Updated: Jul 25
I used to think that losing weight was all about diet and exercise. After all, we learned as doctors to give this simple advice to patients: “Eat less, exercise more.” You may also be familiar with the “Calories in, calories out” paradigm. Turns out our physiology is oh-so much more complicated.
I decided in middle school that fat was evil and that I must get me some leg warmers so I could be cool while doing my mom’s Jane Fonda exercise videos. I hated the way my body looked and taught myself that exercise was a good punishment for dietary indiscretions.
Furthermore, I must hide my self-loathing and eat “normally” in front of other people so that they wouldn’t know that I thought I was fat. As if they couldn’t see the truth for themselves . . .
I joined a weight loss program called Sound Health Solutions run by Dr Frances Gough in the 1990s that featured three components: nutrition counseling, exercise with a personal trainer, and mental health support.
I remember meeting with the psychotherapist and drawing a complete blank. Why was mental health part of a weight loss program? I didn’t get it.
Then in the early 2000s I remember doing cardio for 2-3 hours a day while training for triathlon and half-marathon races, but I was not losing much weight. What was going on?
I was certainly fit, but still fat. Now there was fear and confusion added to the frustration, self-loathing and punishment. Maybe my body was broken and could never be fixed.
Love is the answer
I had considered myself an integrative medicine practitioner on the basis of my training in Traditional Chinese Medicine (TCM). But it wasn’t until I joined the Integrative Medicine Fellowship at the Andrew Weil Center at the University of Arizona that I learned a truly holistic approach to self care that set me on the path to transformation.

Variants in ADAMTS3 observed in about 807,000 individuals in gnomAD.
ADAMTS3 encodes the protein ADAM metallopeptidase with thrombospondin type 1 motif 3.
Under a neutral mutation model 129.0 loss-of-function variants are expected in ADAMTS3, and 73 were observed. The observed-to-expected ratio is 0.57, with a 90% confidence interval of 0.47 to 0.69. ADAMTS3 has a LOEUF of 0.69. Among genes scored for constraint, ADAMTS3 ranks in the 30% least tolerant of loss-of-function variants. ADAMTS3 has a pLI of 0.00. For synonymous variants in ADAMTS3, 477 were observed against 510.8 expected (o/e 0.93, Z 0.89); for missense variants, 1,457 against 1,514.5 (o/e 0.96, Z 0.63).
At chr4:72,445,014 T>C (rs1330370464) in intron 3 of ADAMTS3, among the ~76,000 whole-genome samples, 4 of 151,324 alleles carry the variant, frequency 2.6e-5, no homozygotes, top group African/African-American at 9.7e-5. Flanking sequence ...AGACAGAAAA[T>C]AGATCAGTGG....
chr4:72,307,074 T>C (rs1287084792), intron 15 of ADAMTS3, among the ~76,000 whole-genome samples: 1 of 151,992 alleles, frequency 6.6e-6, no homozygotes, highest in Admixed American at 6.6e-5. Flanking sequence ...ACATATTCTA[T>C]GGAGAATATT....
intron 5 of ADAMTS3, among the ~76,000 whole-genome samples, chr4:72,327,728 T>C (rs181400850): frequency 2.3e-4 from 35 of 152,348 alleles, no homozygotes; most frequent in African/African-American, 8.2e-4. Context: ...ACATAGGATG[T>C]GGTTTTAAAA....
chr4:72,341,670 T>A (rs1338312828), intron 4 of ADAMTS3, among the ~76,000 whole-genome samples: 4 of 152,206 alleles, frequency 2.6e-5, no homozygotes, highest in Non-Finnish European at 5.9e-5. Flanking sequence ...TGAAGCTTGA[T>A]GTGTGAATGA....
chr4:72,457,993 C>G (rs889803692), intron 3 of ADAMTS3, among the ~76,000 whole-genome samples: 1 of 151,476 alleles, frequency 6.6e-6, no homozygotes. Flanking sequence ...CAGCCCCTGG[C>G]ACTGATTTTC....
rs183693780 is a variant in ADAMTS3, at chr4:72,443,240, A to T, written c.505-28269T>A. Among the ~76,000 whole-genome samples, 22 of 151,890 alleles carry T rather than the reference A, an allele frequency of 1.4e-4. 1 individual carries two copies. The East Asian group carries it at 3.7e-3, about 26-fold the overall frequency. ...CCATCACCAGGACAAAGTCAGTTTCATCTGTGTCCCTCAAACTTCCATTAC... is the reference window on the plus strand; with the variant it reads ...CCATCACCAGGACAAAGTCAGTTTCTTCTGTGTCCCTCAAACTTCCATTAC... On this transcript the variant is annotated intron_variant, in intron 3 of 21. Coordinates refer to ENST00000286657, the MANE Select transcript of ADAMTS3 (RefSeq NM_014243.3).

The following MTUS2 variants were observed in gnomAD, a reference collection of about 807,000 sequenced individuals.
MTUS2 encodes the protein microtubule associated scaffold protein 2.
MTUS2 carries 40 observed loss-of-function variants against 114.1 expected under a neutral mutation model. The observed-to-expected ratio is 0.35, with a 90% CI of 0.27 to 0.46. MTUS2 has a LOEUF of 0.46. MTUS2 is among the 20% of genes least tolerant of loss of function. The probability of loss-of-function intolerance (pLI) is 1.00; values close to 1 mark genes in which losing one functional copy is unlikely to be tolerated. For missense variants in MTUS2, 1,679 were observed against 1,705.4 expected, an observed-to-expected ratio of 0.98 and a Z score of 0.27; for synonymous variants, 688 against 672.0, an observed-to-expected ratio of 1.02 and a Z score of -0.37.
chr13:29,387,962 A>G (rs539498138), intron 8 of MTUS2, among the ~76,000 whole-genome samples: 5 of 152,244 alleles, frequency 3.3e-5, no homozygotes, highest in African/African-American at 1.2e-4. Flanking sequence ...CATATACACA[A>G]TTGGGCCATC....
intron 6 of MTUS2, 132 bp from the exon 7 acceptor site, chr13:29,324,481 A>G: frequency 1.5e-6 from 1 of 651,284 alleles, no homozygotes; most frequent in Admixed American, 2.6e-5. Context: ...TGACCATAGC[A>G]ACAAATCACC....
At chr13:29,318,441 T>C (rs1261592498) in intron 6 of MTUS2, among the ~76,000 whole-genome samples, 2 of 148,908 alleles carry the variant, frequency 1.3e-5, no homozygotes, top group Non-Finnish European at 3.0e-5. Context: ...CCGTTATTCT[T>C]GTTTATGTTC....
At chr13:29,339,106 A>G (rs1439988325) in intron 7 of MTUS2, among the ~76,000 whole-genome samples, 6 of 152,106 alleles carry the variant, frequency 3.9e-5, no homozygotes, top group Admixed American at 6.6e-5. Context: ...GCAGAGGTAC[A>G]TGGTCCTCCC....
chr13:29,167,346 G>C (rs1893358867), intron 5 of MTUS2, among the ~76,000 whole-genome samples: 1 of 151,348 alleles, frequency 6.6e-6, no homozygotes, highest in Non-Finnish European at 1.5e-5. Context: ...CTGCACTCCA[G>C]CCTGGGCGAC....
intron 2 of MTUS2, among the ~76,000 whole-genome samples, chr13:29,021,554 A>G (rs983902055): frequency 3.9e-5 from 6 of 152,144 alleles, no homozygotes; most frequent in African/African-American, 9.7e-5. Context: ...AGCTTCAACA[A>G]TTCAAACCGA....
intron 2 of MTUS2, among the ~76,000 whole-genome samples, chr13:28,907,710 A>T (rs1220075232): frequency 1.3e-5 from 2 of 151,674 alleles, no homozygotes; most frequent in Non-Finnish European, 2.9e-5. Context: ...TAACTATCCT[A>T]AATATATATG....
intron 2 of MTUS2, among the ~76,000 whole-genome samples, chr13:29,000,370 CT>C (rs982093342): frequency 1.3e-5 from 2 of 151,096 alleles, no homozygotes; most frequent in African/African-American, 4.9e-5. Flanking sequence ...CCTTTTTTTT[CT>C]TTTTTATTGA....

I learned to love myself unconditionally, to accept and even to embrace my flaws.
I learned to give myself permission to explore new science, deciding for myself what was what through my own lens of critical analysis. I allowed myself to try new things, to listen to my own intuition, and most importantly to trust my body’s innate wisdom.
And I finally came back to Dr Gough’s idea that mental health is a critical component to weight loss. While I came to it through coaching rather than psychotherapy, my conclusion is that permanent sustainable weight loss is best addressed through mental health.
Coaching was the missing link through which I learned to love myself unconditionally, to accept and even to embrace my flaws. I’d encourage you to meet yourself wherever you are on the journey to self acceptance. Love really is the answer.
Andrew Weil Center for Integrative Medicine (AZCIM) Integrative Health and Wellness Coaching (IHW) program is accredited online training program open to both health practitioners and non-health practitioners interested in joining the helping professions. Graduates are eligible to sit for the US National Board of Health and Wellness Coaching (NBHWC) board examination.